However, I finished eight applications before the test- only one more to go!  Figuring that only 9% of applicants are 34 and older, (dare I write) we might have a good chance- even with a lousy score.

Good luck to you too!

Geezer


skeptical1

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Re: Older Applicants (over 40) October LSAT 2005 start
« Reply #28 on: December 08, 2004, 10:17:17 AM »
I'm almost 40 and an immigrant - doing the LSAT in a second language is soooo much more fun... Still think I did OK on Dec test. My attitude is that I'll try to get into whatever school I can and not go too crazy about which one. I think our substantial experinece in different fields (I work in IT) puts us at advantage so there's no need to obsess over this choice. Sure, T1 school gets you  employed, but would you want to work 12-14 hours for a biglaw firm anyway? I know I wouldn't - my kids are growing up way too fast for that.

midlife catharsis

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Re: Older Applicants (over 40) October LSAT 2005 start
« Reply #29 on: December 08, 2004, 12:13:34 PM »
I'll be 40 when I start school next fall. 

I quit my job prior to taking the LSAT because I wanted to really focus on prepartion.  My mind had been corrupted by 15 years in the corporate world where constant interruptions and distractions combined with a 10 cup a day caffeine addiction had created a latent ADD type of problem for me.  I could focus and perform well in short spurts, but I would get killed over the course of a complete LSAT.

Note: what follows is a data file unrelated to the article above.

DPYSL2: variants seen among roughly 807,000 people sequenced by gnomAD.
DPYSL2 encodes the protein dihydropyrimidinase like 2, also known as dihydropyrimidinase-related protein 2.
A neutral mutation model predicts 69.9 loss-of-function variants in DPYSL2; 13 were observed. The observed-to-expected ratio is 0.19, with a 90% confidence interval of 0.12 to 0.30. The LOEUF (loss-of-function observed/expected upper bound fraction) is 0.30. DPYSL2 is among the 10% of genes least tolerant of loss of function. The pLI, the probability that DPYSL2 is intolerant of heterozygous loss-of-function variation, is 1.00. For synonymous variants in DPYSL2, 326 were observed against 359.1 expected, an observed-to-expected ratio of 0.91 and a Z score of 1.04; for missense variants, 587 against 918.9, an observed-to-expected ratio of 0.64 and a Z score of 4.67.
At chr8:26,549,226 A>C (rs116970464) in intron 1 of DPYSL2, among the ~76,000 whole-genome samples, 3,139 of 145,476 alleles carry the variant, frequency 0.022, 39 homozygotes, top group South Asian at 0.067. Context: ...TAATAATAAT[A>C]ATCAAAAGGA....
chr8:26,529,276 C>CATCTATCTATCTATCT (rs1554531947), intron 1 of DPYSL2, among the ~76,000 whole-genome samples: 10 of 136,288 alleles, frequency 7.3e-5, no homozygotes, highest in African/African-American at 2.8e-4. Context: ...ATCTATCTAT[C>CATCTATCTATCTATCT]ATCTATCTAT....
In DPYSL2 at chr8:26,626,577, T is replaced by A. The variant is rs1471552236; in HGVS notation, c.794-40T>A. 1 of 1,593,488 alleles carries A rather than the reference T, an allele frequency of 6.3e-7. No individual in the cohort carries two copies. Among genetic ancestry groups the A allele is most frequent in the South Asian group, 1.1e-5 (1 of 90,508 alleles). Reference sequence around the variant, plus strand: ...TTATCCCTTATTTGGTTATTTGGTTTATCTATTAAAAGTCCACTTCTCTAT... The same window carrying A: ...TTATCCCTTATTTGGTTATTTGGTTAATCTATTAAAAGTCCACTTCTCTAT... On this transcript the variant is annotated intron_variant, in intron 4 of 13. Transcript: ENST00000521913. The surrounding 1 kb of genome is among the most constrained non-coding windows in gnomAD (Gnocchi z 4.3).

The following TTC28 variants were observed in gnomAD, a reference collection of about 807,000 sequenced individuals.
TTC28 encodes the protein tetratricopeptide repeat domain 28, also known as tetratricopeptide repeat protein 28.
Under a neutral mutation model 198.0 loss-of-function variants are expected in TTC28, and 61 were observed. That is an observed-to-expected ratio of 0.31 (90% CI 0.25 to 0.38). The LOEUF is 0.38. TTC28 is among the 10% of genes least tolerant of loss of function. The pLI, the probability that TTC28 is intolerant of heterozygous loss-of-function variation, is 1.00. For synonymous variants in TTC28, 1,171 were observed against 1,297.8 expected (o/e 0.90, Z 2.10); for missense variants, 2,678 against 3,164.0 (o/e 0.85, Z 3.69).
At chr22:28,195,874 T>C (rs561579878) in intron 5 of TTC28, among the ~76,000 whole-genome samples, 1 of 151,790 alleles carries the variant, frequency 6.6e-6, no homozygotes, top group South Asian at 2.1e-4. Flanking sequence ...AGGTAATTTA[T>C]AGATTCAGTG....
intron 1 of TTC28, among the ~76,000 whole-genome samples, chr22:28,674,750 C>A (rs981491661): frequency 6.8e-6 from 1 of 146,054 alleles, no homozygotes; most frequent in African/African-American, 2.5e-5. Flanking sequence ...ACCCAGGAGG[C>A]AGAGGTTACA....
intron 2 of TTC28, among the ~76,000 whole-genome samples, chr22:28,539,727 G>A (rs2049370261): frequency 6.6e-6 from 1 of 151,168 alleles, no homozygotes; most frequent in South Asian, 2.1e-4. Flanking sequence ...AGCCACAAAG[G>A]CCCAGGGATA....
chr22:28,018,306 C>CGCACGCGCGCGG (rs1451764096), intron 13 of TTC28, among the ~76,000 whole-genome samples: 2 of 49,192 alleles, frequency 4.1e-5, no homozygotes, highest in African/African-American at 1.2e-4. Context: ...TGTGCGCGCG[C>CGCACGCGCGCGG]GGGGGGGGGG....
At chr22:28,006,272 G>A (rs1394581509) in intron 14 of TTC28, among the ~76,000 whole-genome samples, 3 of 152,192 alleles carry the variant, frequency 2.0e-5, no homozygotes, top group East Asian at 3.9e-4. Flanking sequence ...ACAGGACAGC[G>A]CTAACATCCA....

I quit the coffee, got in good physical shape, and did over 30 practice tests with the last 20 being striclty administered.  Over the course of 6+ months preparation I improved my performance from low 150s to getting a 166 in October.  Its really quite analogous to an athletes who develop rigorous practice regimens in an attempt to peak on race day, and a wholistic approach is most effective.

Regardless of your age, the LSAT is so large a factor for admissions that it needs to be given appropriate respect, except by the rare geniuses who manage to ace the test cold.  People that smart would probably be very bored in law school  :)